======== ======= ======= ======== =========

   Disk1-01 128 16384 Simple Harddisk4

   Disk1-02 16512 33527208 Spanned Harddisk4

etc...

---------- LDM Volume Information -----------

   ...<some columns redacted for brevity>...

   Volume Volume Size Total Rel Vol Plex

   Name Type Sectors Size Sectors State State

   ====== ====== ======= ======= ======= ====== ======

   Volume1 Simple 16384 16384 128 ACTIVE ACTIVE

   Volume2 Simple 16384 16384 128 ACTIVE ACTIVE

etc...

· Even in the absence of the -v switch, the output is fairly verbose. There are many sections which purport to report starting partition offset. As I understand it, the Logical Disk Manager (LDM) “spoofs” tools built for basic disks so they won’t overwrite dynamic volumes. The output of these sections is NOT to be trusted for dynamic volumes. For example, the following reveals the classic default misaligned value of 32,256 bytes. However, the Partition Type 0x42 betrays that this is a dynamic volume & thus the starting partition offset information in this section is NOT reliable:

::: !!!UNRELIABLE for Starting Offsets of Dynamic Volumes!!! :::

---------- Partition Table Info Disk 1 ----------

...<redacted for brevity>...

        Starting Partition Hidden Partition Partition

  Offset (bytes) Length (bytes) Sectors Number Type (HEX)

          32,256 268,431,980,544 63 0 0x42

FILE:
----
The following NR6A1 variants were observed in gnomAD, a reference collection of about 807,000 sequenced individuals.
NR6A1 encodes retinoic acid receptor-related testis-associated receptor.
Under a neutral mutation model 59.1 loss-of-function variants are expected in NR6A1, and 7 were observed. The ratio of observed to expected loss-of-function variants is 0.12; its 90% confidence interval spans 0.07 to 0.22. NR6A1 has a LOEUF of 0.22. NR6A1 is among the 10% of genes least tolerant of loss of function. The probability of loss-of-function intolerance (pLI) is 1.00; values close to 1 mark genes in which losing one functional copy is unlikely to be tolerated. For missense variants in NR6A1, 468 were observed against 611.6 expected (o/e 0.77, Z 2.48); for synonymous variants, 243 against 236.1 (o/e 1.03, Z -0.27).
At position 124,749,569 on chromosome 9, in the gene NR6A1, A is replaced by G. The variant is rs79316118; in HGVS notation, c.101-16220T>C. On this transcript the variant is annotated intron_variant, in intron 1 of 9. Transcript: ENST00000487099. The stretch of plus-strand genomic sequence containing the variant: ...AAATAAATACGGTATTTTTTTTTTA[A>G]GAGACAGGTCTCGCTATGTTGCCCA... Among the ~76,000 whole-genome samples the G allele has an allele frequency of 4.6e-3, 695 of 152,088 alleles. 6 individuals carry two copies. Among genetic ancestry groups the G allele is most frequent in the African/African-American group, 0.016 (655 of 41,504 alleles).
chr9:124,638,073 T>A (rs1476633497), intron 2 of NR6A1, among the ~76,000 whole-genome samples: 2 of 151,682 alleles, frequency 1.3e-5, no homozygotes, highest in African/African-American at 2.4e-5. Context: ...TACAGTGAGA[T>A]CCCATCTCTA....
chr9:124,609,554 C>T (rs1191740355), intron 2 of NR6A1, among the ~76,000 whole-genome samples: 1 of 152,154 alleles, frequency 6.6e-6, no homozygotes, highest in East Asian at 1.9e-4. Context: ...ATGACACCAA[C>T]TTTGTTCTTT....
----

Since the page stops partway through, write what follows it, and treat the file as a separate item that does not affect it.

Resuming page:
0 0 0 1 0x00

               0 0 0 2 0x00

               0 0 0 3 0x00

...<redacted for brevity>...

MBR 3rd Party Dynamic Volumes

Dynamic volumes created by 3rd party vendors may not be properly interpreted by dmdiag -v. For example, Veritas dynamic disks require their proprietary tools to determine whether existing volumes are aligned.

 

GPT basic & dynamic

I haven’t tested this on GPT disks and look forward to doing so.

Implementation: DISKPART Example

Here’s an example of performing partition alignment, providing a drive letter, & initiating an async format:

C:\diskpart

Microsoft DiskPart version 6.0.6000

On computer: ASPIRINGGEEK

DISKPART> list disk

DISKPART> select disk 3

DISKPART> create partition primary align=1024

DISKPART> assign letter=E

DISKPART> format fs=ntfs unit=64K label="MyFastDisk" nowait

Note that the format command is available only in Windows Server 2008 & Vista.

Microsoft Documentation

This the mother of all articles on disk partition alignment. It’s by PFE Robert Smith:

Disk performance may be slower than expected when you use multiple disks in Windows Server 2003, in Windows XP, and in Windows 2000

http://support.microsoft.com/kb/929491

This is the best white paper I’ve seen on this topic. It’s by SQL CAT member Mike Ruthruff. It is mercifully brief &, as our friends at Guinness might say, simply “Brilliant!”:

Predeployment I/O Best Practices

SQL Server Best Practices Article

http://www.microsoft.com/technet/prodtechnol/sql/bestpractice/pdpliobp.mspx

Cited above, my deck:

Disk Partition Alignment (Sector Alignment) for SQL Server: Part 1: Slide Deck

http://blogs.msdn.com/jimmymay/archive/2008/10/14/disk-partition-alignment-for-sql-server-slide-deck.aspx

Again, stay tuned for the white paper from SQL CAT.

Acknowledgements

Among the many engineers who have assisted, my special thanks to Microsoft Sr. Dev Lead Deborah Jones for her help in the divination of dynamic volumes.

 

Administrivia
Jimmy May , MCDBA, MCSE, MCITP: DBA + DB Dev | Senior Performance Consultant: SQL Server
A.C.E.: Assessment Consulting & Engineering Services
http://blogs.msdn.com/jimmymay
Performance is paramount: Asking users to wait is like asking them to leave.

Disk Partition Alignment (Sector Alignment) for SQL Server - Part 4 - Essentials (Cheat Sheet) -- Jimmy May.zip